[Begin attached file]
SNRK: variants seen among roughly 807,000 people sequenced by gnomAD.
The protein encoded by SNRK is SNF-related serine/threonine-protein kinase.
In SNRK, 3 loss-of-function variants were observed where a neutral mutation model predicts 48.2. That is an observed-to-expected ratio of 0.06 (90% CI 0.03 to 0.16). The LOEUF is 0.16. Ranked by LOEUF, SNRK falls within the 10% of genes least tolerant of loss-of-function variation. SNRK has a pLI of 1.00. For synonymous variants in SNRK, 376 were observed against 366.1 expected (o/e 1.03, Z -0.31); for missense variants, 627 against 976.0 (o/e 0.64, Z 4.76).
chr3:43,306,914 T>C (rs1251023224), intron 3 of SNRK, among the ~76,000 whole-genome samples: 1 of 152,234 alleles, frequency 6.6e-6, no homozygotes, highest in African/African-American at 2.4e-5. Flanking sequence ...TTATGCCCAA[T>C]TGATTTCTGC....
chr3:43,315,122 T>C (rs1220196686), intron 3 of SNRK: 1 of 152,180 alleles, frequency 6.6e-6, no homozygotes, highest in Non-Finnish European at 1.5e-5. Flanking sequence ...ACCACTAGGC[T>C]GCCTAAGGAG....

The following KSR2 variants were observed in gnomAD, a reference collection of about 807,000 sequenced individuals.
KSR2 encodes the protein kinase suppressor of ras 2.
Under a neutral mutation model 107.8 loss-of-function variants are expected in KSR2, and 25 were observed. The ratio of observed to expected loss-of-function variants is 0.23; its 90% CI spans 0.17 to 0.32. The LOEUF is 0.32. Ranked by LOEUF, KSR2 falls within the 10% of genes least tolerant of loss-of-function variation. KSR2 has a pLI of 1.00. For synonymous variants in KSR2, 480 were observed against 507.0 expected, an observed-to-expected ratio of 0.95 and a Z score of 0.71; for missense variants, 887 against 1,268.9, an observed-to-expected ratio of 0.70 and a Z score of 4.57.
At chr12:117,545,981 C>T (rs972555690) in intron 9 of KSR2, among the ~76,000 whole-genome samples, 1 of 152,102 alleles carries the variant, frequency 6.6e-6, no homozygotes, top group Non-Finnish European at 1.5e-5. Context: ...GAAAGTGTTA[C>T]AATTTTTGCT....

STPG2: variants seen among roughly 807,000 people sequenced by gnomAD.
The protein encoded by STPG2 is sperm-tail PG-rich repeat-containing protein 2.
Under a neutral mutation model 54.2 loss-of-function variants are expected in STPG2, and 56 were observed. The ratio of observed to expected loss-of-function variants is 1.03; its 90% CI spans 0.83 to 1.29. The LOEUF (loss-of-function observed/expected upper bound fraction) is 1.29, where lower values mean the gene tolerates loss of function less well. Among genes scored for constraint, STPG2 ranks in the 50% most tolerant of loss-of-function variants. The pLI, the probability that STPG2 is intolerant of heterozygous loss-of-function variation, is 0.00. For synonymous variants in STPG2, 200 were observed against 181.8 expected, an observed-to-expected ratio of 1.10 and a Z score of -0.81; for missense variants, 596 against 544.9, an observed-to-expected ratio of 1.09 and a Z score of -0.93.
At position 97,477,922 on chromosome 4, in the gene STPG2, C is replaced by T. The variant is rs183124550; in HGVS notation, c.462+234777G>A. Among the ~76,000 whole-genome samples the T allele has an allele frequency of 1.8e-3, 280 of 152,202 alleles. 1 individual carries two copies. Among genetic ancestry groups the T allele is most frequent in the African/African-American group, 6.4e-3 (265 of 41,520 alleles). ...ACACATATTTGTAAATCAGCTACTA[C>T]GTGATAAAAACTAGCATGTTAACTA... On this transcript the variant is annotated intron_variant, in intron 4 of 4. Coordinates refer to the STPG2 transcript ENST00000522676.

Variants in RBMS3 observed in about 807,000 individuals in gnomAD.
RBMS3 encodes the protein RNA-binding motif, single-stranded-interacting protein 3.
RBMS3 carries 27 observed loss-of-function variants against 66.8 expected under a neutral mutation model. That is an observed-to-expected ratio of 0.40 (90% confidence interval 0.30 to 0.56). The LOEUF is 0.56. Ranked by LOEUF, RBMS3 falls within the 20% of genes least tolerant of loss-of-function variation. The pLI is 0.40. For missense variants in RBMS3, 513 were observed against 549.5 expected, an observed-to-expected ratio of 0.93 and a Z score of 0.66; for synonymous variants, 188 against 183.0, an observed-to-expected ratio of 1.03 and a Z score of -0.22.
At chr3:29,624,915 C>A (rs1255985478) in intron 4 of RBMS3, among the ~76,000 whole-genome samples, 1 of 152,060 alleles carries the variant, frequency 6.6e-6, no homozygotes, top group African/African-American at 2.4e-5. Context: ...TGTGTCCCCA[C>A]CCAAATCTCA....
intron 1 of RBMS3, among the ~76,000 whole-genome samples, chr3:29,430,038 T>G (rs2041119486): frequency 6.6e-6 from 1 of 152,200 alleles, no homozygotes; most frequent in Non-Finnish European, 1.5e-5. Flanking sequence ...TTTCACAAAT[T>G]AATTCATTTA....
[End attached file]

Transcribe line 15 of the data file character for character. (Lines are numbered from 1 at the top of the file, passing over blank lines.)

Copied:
RBMS3 encodes the protein RNA-binding motif, single-stranded-interacting protein 3.